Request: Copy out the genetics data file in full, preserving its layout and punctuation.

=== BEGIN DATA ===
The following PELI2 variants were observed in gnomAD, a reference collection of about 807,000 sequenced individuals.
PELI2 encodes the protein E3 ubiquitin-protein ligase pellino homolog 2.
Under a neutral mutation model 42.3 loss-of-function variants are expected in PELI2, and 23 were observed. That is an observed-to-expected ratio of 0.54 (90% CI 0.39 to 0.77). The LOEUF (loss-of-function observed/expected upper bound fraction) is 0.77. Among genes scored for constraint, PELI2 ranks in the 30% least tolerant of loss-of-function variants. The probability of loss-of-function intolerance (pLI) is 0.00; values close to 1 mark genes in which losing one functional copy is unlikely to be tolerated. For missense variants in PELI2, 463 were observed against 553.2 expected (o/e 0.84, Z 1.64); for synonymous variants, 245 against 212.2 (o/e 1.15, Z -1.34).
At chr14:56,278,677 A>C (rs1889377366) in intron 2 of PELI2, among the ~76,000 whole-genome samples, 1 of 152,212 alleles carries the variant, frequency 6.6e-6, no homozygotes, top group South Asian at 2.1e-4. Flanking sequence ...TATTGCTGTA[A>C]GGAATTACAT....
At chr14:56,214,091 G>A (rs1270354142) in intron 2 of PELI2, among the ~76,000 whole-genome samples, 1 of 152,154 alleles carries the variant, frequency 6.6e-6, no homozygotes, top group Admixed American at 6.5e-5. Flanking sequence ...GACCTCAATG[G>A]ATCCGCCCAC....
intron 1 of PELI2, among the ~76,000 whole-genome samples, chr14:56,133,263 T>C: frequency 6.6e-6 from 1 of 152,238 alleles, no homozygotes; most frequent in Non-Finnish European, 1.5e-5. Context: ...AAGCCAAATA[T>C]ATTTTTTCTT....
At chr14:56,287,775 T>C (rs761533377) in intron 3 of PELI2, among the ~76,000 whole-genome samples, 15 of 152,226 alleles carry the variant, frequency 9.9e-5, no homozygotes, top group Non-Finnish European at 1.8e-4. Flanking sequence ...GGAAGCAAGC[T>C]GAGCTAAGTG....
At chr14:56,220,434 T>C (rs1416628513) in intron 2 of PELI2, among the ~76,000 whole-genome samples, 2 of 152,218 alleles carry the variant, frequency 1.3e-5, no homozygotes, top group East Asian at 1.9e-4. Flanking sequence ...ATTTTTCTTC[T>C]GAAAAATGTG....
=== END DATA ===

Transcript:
The following PELI2 variants were observed in gnomAD, a reference collection of about 807,000 sequenced individuals.
PELI2 encodes the protein E3 ubiquitin-protein ligase pellino homolog 2.
Under a neutral mutation model 42.3 loss-of-function variants are expected in PELI2, and 23 were observed. That is an observed-to-expected ratio of 0.54 (90% CI 0.39 to 0.77). The LOEUF (loss-of-function observed/expected upper bound fraction) is 0.77. Among genes scored for constraint, PELI2 ranks in the 30% least tolerant of loss-of-function variants. The probability of loss-of-function intolerance (pLI) is 0.00; values close to 1 mark genes in which losing one functional copy is unlikely to be tolerated. For missense variants in PELI2, 463 were observed against 553.2 expected (o/e 0.84, Z 1.64); for synonymous variants, 245 against 212.2 (o/e 1.15, Z -1.34).
At chr14:56,278,677 A>C (rs1889377366) in intron 2 of PELI2, among the ~76,000 whole-genome samples, 1 of 152,212 alleles carries the variant, frequency 6.6e-6, no homozygotes, top group South Asian at 2.1e-4. Flanking sequence ...TATTGCTGTA[A>C]GGAATTACAT....
At chr14:56,214,091 G>A (rs1270354142) in intron 2 of PELI2, among the ~76,000 whole-genome samples, 1 of 152,154 alleles carries the variant, frequency 6.6e-6, no homozygotes, top group Admixed American at 6.5e-5. Flanking sequence ...GACCTCAATG[G>A]ATCCGCCCAC....
intron 1 of PELI2, among the ~76,000 whole-genome samples, chr14:56,133,263 T>C: frequency 6.6e-6 from 1 of 152,238 alleles, no homozygotes; most frequent in Non-Finnish European, 1.5e-5. Context: ...AAGCCAAATA[T>C]ATTTTTTCTT....
At chr14:56,287,775 T>C (rs761533377) in intron 3 of PELI2, among the ~76,000 whole-genome samples, 15 of 152,226 alleles carry the variant, frequency 9.9e-5, no homozygotes, top group Non-Finnish European at 1.8e-4. Flanking sequence ...GGAAGCAAGC[T>C]GAGCTAAGTG....
At chr14:56,220,434 T>C (rs1416628513) in intron 2 of PELI2, among the ~76,000 whole-genome samples, 2 of 152,218 alleles carry the variant, frequency 1.3e-5, no homozygotes, top group East Asian at 1.9e-4. Flanking sequence ...ATTTTTCTTC[T>C]GAAAAATGTG....